Author Archives: Andrea R Huelsenbeck

About Andrea R Huelsenbeck

Andrea R Huelsenbeck is a wife, a mother of five and a former elementary general music teacher. A freelance writer in the 1990s, her nonfiction articles and book reviews appeared in Raising Arizona Kids, Christian Library Journal, and other publications. She is currently working on a young adult mystical fantasy novel and a mystery.

Guest Post: Why You Need an Author News Page on Your Website

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This article has been reprinted with the permission of Web Design Relief.  Whether you’re just starting out or a best-selling author, Web Design Relief will improve your existing website or build you an affordable, custom author website to support your author platform, boost your online presence, and act as a hub for your social media outreach. Web Design Relief is a division of Writer’s Relief, a highly recommended author’s submission service. Sign up for their free e-publication for writers, Submit Write Now! Visit the site today to learn more.

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Have you considered creating a News Page on your author website? Don’t be too quick to dismiss the idea, even if you’re not a famous writer (yet!). Web Design Relief knows that all writers—from newbies to best-selling authors—can benefit from having an Author News Page on their websites.

But what if you think you don’t have any news to post? You may be surprised how much you really do have to share, and how much a News Page can help you!

What Is Considered “Newsworthy” For Your Author Website?

New publications. Do you have a new book about to hit shelves? Did a literary journal pick up one of your poems, stories, or essays? Announce this to your fans! We know authors tend to be more on the shy side and not naturally inclined to brag. But think of it less as bragging and more as sharing your good news—your readers are sure to be just as happy as you are! And they’ll want to celebrate with you.

Updates on your publication journey. There may be a long gap between when you announce your poem, story, essay, or book is going to be published and when it is actually published. So when publication finally happens, be sure to update your readers. You can also share important steps on your path to publication. Some ideas: signing your contract, learning your publication date, revealing your book cover—all newsworthy moments!

Book signings and readings. Giving public readings from your book and having book signing events are great ways to boost your sales and build your fan base. Plus, they’re fun (once you get the hang of them)! Of course you want as many fans—and potential new fans—as possible to attend your events, so get the word out on your Author News Page as soon as you know the details. You can also promote the event again as it gets closer.

Speaking engagements. You can also build your reputation as an author by sitting on panels, speaking at writing conferences and seminars, and so forth. These events let you use your expertise as a writer, and they’re excellent fodder for your author website’s News Page too! Just like book signings, nudge readers about the event as it gets closer—and remember to post the details as early as possible so that everyone interested can put it on their calendars.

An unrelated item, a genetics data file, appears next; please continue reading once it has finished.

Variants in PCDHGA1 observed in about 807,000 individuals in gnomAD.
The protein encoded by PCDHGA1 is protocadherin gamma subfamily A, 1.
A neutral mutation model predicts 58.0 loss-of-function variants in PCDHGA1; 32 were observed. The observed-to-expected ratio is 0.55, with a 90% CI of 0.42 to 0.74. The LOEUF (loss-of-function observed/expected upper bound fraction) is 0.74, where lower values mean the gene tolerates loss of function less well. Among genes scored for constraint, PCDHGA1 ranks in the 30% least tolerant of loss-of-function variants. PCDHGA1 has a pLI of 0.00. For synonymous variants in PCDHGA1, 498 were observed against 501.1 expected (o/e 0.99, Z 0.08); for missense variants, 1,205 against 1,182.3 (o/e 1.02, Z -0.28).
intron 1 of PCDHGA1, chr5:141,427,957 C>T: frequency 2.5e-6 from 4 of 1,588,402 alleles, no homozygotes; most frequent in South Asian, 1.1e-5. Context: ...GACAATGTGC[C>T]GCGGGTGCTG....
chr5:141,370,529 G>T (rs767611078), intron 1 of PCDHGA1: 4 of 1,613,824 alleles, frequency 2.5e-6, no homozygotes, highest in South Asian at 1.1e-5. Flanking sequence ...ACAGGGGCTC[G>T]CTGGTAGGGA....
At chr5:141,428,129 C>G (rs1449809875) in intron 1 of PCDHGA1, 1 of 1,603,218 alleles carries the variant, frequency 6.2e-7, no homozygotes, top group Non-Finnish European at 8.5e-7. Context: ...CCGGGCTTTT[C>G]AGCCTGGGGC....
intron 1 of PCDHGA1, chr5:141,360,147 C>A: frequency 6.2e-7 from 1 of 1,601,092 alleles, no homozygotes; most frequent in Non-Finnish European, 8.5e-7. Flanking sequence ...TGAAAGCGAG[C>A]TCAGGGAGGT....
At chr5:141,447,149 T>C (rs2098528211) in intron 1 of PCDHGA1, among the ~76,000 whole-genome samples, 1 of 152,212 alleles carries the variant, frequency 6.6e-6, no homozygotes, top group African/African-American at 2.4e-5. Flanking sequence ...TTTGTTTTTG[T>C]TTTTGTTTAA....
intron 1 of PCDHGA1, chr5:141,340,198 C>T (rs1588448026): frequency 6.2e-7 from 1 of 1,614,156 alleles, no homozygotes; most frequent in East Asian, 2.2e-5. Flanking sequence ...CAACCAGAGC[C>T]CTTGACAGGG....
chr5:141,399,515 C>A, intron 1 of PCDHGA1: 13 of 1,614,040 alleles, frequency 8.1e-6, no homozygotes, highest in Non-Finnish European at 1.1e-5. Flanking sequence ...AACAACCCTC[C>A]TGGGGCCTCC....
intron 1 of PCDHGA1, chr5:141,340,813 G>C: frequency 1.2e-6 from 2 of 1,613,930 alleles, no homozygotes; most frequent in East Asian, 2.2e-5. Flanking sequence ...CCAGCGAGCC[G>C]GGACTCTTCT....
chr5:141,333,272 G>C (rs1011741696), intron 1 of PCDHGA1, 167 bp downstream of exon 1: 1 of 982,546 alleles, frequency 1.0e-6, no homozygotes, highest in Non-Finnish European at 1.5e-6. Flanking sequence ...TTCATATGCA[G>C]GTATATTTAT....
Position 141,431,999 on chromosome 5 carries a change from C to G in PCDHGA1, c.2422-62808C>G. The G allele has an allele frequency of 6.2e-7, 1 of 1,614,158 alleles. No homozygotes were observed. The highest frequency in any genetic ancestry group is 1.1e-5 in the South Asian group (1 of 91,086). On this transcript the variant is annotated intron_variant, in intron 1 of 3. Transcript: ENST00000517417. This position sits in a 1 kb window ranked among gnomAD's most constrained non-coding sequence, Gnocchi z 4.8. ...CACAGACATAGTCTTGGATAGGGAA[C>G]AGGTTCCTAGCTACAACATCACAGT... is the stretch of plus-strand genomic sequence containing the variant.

Social media posts. If you’re worried about having enough “news” to regularly post on your author website’s News Page, consider integrating a social media feed or two into the page. Depending on which programs and widgets you choose, this could also ease some pressure on you—especially if you’re busy or not totally comfortable with social media. You’ll be posting updates in fewer places because your pages will sync automatically!

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How To Keep Your Information Safe On Your News Page

Host events only in public places. Bookstores, libraries, and even venues like cafés are perfect for author events. Once you plan them, definitely announce these events on your author website’s News Page right away—but be sure to only share the address of the event, not your own home address or contact info.

Be careful when you post photos. If you’re going to share photos of yourself at home—signing a contract, for example!—make sure the location can’t be accessed. Though geotagging can be incredibly helpful in the modern age for public events, it’s just not a good idea concerning your home address. To protect your safety, you shouldn’t post the town your home is in. This is something to also be careful about when using social media sites. Some social media sites strip out location info, but some do not. For example: Be sure to turn off Tweet Location if tweeting from home! 

For more tips on protecting your personal information on your author website—such as your email address, phone number, and legal name—check out this article! 

And Remember—You Have More News Than You Think!

Sure, a handful of best-selling authors will have national tours and fancy awards to post about—but literary agents and literary journal editors won’t expect that from every writer. Even smaller news is worth sharing—genuine connections and fan interactions matter so much more in the long run! Plus, these news items make readers feel like they’re really getting to know you.

Ready to build an author website with a News Page? Don’t worry if you’re not tech savvy—Web Design Relief is always here to help! Reach out for your free consultation to talk us through your vision and get a price quote today.

 

Question: Would you consider adding a News Page to your author website? What would your first post be?

Video of the Week #215: This Artist’s Medium is Rocks

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Wordless Wednesday/ Flower of the Day: Purple Sage

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Visit Cee’s Flower of the Day for more flowers.

Three More Little Quilts Finished

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It’s been a while since I’ve posted about my quilting projects. I’m a member of a quilting ministry at one of the churches in town. We make baptism quilts (Lutherans baptize infants), baby quilts for the Crisis Pregnancy Center, and comfort quilts for parishioners experiencing challenges or transitioning into assisted care.

You may have seen some of these in progress if you follow me on Instagram.

This one is for the CPC. The focus fabric features chameleons.

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I mixed 6″ chameleon blocks with four-patches.